The Charlatans Release ‘Modern Nature’
The Charlatans have been unfortunately plagued by a double-sided curse. Unfortunate in the fact that they have lost multiple members to various causes of death, both natural an un-, double-sided in that they inevitably muster on, producing genuinely good albums every few years since the late 80s. Their new release, Modern Nature, is their 12th in 25 years. Having released two previous albums in the wake of band member deaths, this being the third, their first since the death of drummer Jon Brookes – who left the band in 2010 with the brain tumor that eventually took his life. The album comes after five brutal years for the band, though keyboardist Tony Rogers was quoted as saying that they were determined to carry on to honor Brookes’ memory, “Jon was adamant that there was going to be another Charlatans record, and you have to put that into your own thoughts.”The eleven new tracks, running about 47 minutes, were produced by The Charlatans and Jim Spencer and mixed by Craig Silvey (Arcade Fire, Portishead), and features a number of contributors, including Pete Salisbury of The Verve, Stephen Morris of New Order, Gabriel Gurnsey of Factory Floor, Kate Bush’s backing singers Melanie Marshall and Sandra Marvin, Sean O’ Hagan on strings and Dexys’ Big Jim Paterson on brass. Despite being a conglomeration of sound, it remains grounded in the basic keyboard-guitar sound that has become the Charlatans’ pedigree over the past quarter century.
Well known for soul-tinted R&B Britpop, Modern Nature is tinged with the melancholic keyboards and shiny guitar splurges like most Charlatan albums, but possesses a pacing that mellows and satisfies the thirsty listener lacking any lately potable Britpop. This is not a gateway album for anyone new to 90s Britpop, but remains one of their most tautly wound, with well written songs and the intricate instrument (rhythm section) backing that has defined them since their inception. Beginning strong yet imbued with nostalgic tones and melodies in “Talking in Tones” and “Come Home Baby”, there is an obvious gist here, one of fatality and vitality. Yet despite all that there is a notable lack of fodder here, specifically what you would expect to find from an outfit 25 years gone in the UK scene. Finishing off both musically and lyrically strongly with “Lean In”, “Trouble Understanding”, and “Lot to Say”, The Charlatans look to tour with the same grueling schedule as normal, one of the few “old” bands to populate set lists with actually decent new songs and the classics you spent the $50 for. A year from start to release, the band went into their studio Big Mushroom in January 2014 and lead vocalist Tim Burgess remembers, “We were aching for the summer when we wrote it. It was freezing and we were trying to write songs that made us happy.” Like all of us, the band should be happy it’s still around, doing what they love, and getting to see thew world while they do it.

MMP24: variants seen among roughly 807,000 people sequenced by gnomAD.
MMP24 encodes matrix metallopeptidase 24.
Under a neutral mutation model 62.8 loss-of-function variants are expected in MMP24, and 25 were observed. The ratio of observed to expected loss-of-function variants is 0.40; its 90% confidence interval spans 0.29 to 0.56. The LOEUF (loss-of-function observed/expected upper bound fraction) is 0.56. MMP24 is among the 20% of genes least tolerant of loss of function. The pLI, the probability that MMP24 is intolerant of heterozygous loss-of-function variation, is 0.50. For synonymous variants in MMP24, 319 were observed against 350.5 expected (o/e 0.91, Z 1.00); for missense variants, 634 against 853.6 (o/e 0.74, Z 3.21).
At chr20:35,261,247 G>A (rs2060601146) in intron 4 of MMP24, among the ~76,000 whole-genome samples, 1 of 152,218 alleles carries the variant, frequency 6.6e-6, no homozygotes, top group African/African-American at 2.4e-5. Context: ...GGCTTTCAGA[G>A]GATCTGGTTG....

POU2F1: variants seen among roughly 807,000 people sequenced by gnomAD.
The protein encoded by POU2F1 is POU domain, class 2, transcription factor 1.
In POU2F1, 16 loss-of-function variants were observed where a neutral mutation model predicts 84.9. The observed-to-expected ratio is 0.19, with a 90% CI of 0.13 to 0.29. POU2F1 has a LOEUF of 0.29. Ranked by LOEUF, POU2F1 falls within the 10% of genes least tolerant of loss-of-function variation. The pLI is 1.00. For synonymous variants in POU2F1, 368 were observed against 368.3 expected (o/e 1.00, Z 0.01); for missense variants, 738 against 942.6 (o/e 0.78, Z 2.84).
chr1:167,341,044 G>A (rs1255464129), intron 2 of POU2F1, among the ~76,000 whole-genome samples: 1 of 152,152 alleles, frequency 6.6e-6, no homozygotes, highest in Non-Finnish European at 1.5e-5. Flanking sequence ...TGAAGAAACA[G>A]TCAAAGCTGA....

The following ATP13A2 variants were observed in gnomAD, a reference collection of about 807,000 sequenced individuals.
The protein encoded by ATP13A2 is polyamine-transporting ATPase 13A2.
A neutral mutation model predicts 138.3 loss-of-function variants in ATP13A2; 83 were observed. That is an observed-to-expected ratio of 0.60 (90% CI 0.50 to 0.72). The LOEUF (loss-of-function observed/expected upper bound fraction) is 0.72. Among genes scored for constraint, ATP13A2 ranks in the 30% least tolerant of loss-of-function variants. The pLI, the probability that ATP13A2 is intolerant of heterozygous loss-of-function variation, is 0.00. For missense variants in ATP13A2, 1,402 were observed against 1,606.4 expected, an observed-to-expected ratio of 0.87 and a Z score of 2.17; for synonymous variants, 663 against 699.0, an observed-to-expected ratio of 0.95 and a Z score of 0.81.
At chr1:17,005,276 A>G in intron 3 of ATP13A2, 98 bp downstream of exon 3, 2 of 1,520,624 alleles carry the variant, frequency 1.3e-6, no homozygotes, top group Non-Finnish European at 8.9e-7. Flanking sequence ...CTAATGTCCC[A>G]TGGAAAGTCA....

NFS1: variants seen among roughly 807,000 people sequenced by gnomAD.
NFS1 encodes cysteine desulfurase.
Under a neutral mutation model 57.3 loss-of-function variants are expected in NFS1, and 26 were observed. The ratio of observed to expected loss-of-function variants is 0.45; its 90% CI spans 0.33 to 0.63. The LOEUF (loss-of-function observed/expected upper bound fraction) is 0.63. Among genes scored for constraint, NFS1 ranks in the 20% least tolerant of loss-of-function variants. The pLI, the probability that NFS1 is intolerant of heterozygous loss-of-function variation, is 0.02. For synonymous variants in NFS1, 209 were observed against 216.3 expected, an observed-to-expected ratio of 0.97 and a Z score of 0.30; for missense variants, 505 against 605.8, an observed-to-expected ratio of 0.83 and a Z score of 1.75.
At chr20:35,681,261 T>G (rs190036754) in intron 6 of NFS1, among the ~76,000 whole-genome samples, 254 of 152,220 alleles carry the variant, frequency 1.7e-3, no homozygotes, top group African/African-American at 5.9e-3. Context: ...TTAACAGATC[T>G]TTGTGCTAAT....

The Charlatans play in Japan and Taiwan in March:
03/19 – O – East, Tokyo
03/22 – Neo Studio, Taipei
03/25 – Club Quattro, Osaka